Auto show goes for glitz
For an industry and a city all but relegated to the bankruptcy bin 10 months ago, Detroit and its biggest auto companies are kicking off...
Detroit Free Press
DETROIT — For an industry and a city all but relegated to the bankruptcy bin 10 months ago, Detroit and its biggest auto companies are kicking off 2007 with an eye-popping splash of showmanship and techno-cool attitude.
From tonight's GM Style bash on Detroit's riverfront and General Motors' artsy new auto-show exhibit space inside Cobo Center to Ford's buzzed-about but still officially hush-hush hookup with Microsoft on Sunday, the overriding message — and it's very calculated — is, "Hey, we ain't dead yet. And we're way hipper than most of the world thinks we are."
Call it false bravado if you will. Or an unseemly splurge of millions of dollars — the companies won't say how many millions — at a time when thousands of Michigan workers are losing jobs.
But GM and Ford, and by extension the city of Detroit, are fighting for their very survival.
To win that fight, they must answer the bell and come out swinging. That's what GM, in particular, is doing more vigorously than at any North American International Auto Show in memory.
GM already has had to turn away scores of wanna-come requests to attend the first invitation-only GM Style party for 1,300 people beneath an enormous heated tent on Detroit's riverfront.
GM concept cars from all over the world will share the spotlight with celebrities ranging from ABC-TV's Jimmy Kimmel to actors Christian Slater, Rosie Perez, Vivica A. Fox and "Dreamgirls" star Jennifer Hudson.
The GM Style event is attracting media coverage from lots of places that don't typically do auto shows: People, Vanity Fair and InStyle magazines; and the "E!" "Access Hollywood," "Entertainment Tonight" and "Inside Edition" TV shows, plus the "Today Show" and "Good Morning America."
Ask GM executives what they're trying to convey with their high-glitz approach to the 2007 Detroit show; they use the word "resilience" a lot. GM lost $10.6 billion in 2005 and survived a rocky first half of 2006, when Fortune magazine forecast a GM bankruptcy and a Wall Street Journal writer predicted that GM Chairman Rick Wagoner would be ousted as CEO.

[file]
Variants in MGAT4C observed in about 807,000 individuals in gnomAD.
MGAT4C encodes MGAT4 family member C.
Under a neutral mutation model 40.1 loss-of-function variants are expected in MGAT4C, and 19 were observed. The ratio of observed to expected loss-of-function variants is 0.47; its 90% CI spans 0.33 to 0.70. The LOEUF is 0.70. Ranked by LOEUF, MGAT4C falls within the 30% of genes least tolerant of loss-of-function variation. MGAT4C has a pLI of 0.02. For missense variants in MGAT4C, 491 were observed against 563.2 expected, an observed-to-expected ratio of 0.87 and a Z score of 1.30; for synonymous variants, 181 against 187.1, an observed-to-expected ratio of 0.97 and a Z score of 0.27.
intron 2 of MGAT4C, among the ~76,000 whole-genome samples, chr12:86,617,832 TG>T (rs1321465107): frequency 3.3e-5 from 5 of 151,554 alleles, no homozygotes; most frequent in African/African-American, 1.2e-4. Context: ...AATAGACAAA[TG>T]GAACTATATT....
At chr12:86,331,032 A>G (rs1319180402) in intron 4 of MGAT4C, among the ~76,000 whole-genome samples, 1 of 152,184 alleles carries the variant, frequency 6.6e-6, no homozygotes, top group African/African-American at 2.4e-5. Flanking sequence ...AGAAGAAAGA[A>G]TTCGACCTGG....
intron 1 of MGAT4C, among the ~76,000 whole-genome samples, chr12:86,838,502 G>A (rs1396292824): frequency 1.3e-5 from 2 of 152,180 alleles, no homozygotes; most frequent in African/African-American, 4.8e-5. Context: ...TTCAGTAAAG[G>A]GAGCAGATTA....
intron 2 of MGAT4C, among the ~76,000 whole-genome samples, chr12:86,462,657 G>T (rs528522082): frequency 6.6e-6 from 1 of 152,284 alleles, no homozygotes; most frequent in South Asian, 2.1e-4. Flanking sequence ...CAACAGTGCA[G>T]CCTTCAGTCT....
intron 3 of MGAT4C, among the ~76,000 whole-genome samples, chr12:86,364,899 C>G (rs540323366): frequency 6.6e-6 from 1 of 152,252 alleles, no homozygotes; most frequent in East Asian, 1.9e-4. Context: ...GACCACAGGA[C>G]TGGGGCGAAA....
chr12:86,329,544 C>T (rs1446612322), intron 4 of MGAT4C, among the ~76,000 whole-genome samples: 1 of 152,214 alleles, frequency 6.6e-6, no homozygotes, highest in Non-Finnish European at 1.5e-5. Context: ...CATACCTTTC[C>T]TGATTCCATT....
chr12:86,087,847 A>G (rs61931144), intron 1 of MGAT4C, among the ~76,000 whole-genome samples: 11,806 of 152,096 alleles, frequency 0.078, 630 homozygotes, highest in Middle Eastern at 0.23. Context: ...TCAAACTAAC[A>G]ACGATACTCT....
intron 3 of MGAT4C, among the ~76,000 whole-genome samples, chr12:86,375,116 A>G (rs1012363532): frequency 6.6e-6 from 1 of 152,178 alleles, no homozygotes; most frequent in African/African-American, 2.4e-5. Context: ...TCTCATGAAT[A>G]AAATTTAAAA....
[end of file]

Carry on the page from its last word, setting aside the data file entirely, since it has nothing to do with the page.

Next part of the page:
GM is pushing a message that not only are the company and Wagoner still around, but they're doing more edgy car and truck designs and intend to keep battling Toyota for the top spot in the world automotive kingdom.
Mark Fields, Ford's executive vice president who has spent time in recent months with Microsoft founder Bill Gates working on a Ford-Microsoft venture to be unveiled Sunday, sounds a similar refrain.
"We're excited about the show despite the terrible numbers we've put up, at a time when we could just crawl into a shell and not talk much," Fields said. Ford lost about $7 billion in the first nine months of 2006, as slumping sales of trucks and SUVs wiped out modest gains in passenger car sales.
"It's not just good for us, but for Detroit to show that we can compete with the best in the world," Fields said.
Ed Welburn, GM vice president of global design, said good automotive design is inextricably linked to the worlds of art and fashion. That's why GM insiders refer to the spaces for Chevrolet, Cadillac, Saturn and other brands within the elaborate new GM auto show exhibit as "galleries" rather than stands or displays.
"We are all inspired and influenced by the world of fashion and this event is a great opportunity to bring the worlds of fashion and car design together," Welburn said of the GM Style extravaganza, modeled on an event called GM Ten that the company has staged for the past five years in Los Angeles around the Academy Awards.
Originally the brainchild of Mike Jackson, then GM's western region manager, GM Ten was created in 2002 to buff up the company's stodgy image in California, where GM and other Detroit brands get clobbered by foreign rivals. "We wanted to influence the influencers, celebrities who are style and thought leaders," Jackson said Friday.
The idea of the Detroit version of the event, said GM communications vice president Steve Harris, "is to show a different GM than perhaps the one you think you know."